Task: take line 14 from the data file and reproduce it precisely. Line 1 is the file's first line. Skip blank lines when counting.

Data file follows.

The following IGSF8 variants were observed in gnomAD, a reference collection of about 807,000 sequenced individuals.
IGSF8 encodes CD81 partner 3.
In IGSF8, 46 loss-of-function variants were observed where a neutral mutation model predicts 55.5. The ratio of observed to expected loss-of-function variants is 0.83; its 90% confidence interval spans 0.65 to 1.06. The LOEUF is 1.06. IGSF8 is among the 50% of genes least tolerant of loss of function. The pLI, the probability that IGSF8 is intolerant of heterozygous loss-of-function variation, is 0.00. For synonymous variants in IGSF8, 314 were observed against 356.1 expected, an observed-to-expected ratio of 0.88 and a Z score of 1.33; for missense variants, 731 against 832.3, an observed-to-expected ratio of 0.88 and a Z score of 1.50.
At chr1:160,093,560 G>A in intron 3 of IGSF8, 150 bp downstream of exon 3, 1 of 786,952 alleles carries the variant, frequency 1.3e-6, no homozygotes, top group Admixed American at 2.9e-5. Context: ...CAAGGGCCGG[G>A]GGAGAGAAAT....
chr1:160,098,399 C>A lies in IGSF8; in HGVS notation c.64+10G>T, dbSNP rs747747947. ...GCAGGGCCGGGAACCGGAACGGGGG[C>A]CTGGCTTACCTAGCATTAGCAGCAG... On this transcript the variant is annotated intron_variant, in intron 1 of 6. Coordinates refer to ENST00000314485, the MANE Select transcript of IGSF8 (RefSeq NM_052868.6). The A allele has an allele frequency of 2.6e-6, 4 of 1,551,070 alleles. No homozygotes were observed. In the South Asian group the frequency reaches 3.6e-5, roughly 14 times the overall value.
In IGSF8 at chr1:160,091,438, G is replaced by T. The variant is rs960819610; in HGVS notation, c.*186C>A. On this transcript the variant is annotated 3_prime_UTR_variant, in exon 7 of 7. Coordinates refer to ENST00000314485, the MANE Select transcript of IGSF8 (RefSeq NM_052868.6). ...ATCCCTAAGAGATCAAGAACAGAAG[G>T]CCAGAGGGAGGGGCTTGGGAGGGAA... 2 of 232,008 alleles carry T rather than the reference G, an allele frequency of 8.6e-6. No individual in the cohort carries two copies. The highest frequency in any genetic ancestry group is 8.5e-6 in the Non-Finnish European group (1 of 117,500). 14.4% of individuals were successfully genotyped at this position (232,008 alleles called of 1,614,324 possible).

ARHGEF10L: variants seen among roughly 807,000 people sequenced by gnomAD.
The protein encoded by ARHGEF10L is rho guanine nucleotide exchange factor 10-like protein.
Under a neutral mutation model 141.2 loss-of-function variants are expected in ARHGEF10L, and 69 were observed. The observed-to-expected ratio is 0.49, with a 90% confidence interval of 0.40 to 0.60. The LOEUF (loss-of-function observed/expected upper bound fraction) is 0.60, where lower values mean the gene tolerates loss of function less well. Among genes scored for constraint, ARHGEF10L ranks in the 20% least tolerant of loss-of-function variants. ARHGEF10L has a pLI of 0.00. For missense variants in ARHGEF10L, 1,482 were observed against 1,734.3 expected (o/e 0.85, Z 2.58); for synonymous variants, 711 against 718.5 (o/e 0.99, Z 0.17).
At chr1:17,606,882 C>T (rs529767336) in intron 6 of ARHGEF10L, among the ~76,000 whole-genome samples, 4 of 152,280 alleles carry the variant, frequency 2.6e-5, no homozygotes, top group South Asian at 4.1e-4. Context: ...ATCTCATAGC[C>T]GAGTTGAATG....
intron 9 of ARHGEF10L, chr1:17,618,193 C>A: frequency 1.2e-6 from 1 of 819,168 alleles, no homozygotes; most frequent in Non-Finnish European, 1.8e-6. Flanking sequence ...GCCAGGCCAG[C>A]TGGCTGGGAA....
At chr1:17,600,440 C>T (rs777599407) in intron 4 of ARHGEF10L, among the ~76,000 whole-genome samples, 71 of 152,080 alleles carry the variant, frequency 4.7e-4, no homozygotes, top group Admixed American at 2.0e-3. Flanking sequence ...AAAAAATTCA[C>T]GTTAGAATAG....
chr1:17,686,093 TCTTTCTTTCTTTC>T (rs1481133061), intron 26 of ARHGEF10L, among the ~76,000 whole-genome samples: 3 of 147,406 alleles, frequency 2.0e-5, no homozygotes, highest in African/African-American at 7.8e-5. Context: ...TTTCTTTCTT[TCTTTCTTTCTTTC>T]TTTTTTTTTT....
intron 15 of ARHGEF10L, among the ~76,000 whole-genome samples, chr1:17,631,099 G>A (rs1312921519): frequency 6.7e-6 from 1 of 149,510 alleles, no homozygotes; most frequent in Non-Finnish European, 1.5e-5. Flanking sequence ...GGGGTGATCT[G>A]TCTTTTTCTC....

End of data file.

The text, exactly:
intron 15 of ARHGEF10L, among the ~76,000 whole-genome samples, chr1:17,631,099 G>A (rs1312921519): frequency 6.7e-6 from 1 of 149,510 alleles, no homozygotes; most frequent in Non-Finnish European, 1.5e-5. Flanking sequence ...GGGGTGATCT[G>A]TCTTTTTCTC....